The G300 features dedicated LEDs on both sides of the mouse that represent the currently-selected profile (one of three). The default colors are red, blue and green, but white (more like a super-light blue), yellow, purple, light blue and black (off) can also be used.
The G300 overall looks to be a feature-packed mouse at its price-range, so let’s go a bit further and check out the included software, and then wrap up with some final thoughts.
It’s been quite a while since I last took a look at Logitech’s gaming software, and I must say, it’s come a long way in terms of functionality and refinement. As has become a theme with gaming peripherals nowadays, the G300 didn’t include the software in the box. Instead, it’s up to you to go to Logitech’s support site and grab it there.
Before even tackling functionality, though, I have to say that Logitech has done an outstanding job with the aesthetics for it software. This, quite simply, looks amazing. When so many companies produce peripheral software that tries way too had to be cool, it’s nice to see a clean, classy interface like we see here.
At the initial screen, you can choose to begin tweaking, or in the event you want to use macros, you’ll need to click on the icons to the top-right of the G300 image. This changes the profiles being used from the mouse itself to the PC. The G300 has no on-board memory, or at least a lack of it, so anything more than the three simple profiles cannot be used in its default setting.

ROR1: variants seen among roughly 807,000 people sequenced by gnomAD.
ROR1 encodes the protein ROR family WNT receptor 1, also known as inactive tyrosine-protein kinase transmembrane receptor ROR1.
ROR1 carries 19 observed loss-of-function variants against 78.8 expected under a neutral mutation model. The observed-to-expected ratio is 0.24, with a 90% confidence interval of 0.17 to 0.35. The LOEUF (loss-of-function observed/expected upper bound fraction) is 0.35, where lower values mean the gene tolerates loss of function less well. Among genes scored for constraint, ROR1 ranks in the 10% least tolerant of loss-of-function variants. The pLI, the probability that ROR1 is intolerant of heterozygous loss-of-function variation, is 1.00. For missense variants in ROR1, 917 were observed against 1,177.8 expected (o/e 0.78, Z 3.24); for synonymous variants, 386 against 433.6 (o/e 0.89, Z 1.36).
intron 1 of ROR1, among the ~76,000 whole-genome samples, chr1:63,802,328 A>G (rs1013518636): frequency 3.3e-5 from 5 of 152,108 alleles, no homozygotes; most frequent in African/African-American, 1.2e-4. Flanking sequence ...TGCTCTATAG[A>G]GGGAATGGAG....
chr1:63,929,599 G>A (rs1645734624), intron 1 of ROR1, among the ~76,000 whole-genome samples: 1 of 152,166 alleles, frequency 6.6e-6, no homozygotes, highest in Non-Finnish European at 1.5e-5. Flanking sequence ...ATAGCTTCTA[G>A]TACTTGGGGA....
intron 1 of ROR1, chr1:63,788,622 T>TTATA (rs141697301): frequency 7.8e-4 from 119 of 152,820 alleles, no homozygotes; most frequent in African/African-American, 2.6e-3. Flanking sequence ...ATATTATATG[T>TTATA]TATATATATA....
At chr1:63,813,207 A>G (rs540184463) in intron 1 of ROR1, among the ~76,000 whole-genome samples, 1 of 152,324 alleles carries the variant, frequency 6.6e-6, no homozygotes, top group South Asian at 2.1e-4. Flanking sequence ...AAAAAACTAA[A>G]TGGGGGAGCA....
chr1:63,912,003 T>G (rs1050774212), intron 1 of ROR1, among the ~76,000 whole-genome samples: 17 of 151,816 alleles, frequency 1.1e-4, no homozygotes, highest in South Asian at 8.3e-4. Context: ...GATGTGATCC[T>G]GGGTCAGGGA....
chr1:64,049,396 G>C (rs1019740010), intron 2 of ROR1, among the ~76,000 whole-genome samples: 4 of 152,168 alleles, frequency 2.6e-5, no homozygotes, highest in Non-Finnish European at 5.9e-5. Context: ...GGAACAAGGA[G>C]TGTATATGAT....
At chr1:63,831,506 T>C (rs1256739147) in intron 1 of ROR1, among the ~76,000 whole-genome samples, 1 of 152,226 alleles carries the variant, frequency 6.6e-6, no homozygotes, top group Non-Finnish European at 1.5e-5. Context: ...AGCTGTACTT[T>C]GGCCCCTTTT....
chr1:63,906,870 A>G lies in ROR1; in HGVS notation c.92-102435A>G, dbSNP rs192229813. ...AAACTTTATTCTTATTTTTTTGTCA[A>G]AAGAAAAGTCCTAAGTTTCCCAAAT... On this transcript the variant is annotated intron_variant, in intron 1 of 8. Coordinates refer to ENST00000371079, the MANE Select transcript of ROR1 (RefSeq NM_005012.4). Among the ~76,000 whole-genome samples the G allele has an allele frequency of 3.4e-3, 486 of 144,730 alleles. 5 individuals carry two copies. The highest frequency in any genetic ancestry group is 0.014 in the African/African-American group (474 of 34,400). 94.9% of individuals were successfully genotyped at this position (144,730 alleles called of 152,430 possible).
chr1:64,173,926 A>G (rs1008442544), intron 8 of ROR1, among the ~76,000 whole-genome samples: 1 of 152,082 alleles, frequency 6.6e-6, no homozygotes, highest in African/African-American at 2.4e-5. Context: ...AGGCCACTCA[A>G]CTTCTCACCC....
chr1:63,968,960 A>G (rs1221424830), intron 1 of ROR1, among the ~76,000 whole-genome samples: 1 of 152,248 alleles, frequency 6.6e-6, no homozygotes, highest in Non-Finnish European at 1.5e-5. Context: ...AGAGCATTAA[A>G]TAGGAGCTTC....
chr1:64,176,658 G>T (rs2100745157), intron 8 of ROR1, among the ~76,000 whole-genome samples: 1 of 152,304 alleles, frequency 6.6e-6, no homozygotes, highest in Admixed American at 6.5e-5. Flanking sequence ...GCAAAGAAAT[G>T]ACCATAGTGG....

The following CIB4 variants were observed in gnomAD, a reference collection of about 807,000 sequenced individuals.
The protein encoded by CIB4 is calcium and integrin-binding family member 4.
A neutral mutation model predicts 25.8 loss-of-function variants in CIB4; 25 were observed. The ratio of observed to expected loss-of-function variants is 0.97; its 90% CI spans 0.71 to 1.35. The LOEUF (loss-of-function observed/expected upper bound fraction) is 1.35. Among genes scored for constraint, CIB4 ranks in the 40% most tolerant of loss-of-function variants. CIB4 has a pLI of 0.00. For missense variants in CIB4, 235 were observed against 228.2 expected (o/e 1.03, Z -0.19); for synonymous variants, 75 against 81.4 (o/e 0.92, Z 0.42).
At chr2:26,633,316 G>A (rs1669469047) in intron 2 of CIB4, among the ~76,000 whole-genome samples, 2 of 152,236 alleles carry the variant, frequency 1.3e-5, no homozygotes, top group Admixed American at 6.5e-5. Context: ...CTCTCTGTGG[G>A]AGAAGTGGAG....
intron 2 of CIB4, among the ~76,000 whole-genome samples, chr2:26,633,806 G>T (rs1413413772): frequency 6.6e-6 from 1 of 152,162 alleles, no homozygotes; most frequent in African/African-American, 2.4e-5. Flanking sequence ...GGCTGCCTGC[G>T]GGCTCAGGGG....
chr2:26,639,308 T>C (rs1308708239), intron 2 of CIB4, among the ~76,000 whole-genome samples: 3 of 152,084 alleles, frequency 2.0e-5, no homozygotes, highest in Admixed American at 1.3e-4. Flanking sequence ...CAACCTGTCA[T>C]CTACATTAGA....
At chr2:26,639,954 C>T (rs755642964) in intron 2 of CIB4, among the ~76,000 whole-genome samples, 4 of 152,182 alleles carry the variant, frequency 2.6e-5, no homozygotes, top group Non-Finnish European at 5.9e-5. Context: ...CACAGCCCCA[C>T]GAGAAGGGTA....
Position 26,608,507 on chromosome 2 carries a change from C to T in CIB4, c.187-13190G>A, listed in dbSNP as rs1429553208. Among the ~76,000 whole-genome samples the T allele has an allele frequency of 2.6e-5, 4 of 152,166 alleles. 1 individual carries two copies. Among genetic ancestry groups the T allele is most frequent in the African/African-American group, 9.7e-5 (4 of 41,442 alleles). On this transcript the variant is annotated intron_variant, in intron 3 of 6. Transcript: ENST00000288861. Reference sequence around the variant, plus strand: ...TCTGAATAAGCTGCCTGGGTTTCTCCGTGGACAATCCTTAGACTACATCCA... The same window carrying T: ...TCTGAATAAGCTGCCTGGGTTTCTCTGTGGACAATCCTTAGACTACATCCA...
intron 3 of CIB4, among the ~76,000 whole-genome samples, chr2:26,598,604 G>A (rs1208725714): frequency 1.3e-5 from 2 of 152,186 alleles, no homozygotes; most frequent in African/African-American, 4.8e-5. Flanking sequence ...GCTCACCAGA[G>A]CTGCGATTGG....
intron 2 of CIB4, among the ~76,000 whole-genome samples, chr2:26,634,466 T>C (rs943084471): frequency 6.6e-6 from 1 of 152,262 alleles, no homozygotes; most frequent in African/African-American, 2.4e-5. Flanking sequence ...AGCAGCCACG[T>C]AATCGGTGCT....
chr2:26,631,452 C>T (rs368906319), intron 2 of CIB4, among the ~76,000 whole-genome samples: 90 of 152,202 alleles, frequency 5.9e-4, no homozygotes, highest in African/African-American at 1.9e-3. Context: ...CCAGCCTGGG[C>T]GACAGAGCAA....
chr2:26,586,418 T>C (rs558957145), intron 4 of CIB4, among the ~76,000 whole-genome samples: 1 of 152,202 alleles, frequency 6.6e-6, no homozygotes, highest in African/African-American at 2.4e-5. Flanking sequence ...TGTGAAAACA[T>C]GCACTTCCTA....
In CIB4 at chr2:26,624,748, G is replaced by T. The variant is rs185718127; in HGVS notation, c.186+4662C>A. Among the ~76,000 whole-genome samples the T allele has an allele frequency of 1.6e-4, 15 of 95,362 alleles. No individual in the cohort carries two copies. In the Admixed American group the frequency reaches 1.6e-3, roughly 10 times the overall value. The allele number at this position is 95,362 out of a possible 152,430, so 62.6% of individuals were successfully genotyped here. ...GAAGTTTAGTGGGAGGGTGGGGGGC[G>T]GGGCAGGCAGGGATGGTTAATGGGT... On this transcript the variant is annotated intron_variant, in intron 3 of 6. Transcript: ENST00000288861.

The G300 is able to store up to 5 levels of DPI, or as few as 1. Support of 200 – 2500 DPI is supported which should be enough for most gamers. Need more? This is not the mouse for you. At the DPI screen, you can also change your polling rate and adjust other minor details.
On the button setup screen, you’ll see a simple graphic of the mouse with all of the various functions floating above their respective button. These can be double-clicked to change their functionality – which as mentioned on the front page can represent a keyboard button, keyboard shortcut, or a macro.
At the left in the above screenshot, you’ll find a list of pre-defined commands based on the game profile you’re currently selected on. These can be clicked and dragged to any one of the mouse’s buttons for the sake of ease – and in the event that your game is natively supported, this would be a good idea.
If those commands are not that useful, you can define your own. In the ‘Command Editor’, you have a wide-range of different options, from a single keystroke to blocks of text. There’s even an option for Ventrilo commands!
The G300 might be a gaming mouse, but the flexibility seen in the above screenshot makes it a mouse perfect for FPS, MMO or any other genre, or even general office work. Have to push the same keys all the time for some reason? Set it up as a macro. In one example, I set the Image Size option in Photoshop to one of the buttons so that I didn’t have to type in ‘Ctrl + Alt + I’ each time I needed it. Rinse and repeat for the ‘Trim’ command.